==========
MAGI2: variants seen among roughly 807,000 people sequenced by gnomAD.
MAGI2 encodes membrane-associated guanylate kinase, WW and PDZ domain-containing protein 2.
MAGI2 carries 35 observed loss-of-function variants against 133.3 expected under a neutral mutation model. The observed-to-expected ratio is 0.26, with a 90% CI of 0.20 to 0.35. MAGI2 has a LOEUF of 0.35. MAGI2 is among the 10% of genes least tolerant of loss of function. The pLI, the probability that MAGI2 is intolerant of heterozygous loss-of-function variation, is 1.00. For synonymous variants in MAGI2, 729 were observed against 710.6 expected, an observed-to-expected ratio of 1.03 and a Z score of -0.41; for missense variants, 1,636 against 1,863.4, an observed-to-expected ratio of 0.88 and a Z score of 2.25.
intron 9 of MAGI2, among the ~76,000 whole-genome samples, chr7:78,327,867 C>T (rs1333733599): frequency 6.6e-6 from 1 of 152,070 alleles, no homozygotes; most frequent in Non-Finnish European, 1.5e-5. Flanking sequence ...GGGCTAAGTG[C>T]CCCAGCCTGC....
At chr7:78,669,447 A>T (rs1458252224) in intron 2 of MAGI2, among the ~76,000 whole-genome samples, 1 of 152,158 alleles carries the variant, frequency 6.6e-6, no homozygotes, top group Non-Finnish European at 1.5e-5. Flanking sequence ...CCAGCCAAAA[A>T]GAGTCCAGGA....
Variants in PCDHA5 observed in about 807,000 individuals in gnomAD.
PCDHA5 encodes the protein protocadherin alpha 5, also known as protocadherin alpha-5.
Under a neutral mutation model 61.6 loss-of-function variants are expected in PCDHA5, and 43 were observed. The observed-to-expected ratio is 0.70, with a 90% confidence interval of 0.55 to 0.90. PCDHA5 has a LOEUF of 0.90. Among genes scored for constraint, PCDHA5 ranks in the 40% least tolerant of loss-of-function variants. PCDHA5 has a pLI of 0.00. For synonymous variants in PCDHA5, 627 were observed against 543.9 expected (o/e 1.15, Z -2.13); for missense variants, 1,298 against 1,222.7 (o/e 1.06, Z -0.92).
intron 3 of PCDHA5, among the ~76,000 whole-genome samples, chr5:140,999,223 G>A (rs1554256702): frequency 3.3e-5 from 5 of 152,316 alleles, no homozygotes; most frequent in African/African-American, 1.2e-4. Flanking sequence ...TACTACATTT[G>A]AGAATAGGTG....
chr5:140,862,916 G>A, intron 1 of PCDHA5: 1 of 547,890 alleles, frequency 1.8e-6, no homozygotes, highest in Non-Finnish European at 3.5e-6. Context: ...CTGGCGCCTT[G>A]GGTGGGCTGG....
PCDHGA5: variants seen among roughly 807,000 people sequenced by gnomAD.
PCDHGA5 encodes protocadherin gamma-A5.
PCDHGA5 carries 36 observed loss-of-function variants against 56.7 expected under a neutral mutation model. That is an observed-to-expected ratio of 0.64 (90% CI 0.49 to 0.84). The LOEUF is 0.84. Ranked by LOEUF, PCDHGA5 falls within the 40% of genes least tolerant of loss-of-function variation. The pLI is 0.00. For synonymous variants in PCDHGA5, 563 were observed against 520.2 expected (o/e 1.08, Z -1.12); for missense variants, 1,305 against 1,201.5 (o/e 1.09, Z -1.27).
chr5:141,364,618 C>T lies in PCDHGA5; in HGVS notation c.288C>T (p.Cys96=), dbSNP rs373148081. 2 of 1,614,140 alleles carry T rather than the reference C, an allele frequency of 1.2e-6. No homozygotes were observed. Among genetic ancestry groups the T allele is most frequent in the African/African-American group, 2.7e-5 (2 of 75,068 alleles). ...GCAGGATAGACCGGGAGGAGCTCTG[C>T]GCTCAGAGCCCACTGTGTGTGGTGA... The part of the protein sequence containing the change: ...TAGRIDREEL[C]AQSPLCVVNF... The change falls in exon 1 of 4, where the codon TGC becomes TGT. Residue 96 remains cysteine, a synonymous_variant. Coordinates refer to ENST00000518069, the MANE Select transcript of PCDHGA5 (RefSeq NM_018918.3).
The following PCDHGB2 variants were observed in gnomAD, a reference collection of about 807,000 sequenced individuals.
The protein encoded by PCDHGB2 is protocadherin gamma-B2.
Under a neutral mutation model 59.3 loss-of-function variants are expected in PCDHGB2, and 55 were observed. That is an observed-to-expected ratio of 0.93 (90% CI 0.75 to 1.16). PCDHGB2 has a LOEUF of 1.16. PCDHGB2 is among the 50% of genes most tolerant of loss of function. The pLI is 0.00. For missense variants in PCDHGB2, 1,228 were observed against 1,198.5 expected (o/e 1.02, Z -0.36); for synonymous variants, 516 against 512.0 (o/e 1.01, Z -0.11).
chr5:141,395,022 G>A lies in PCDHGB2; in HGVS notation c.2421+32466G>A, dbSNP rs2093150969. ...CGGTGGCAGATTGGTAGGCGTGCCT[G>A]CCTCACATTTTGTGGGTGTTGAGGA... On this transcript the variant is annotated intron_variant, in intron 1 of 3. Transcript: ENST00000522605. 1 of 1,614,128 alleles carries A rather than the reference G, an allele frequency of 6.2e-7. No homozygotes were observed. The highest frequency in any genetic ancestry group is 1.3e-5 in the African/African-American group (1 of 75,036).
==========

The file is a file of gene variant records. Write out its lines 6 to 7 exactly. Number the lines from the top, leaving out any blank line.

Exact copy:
Variants in PCDHA5 observed in about 807,000 individuals in gnomAD.
PCDHA5 encodes the protein protocadherin alpha 5, also known as protocadherin alpha-5.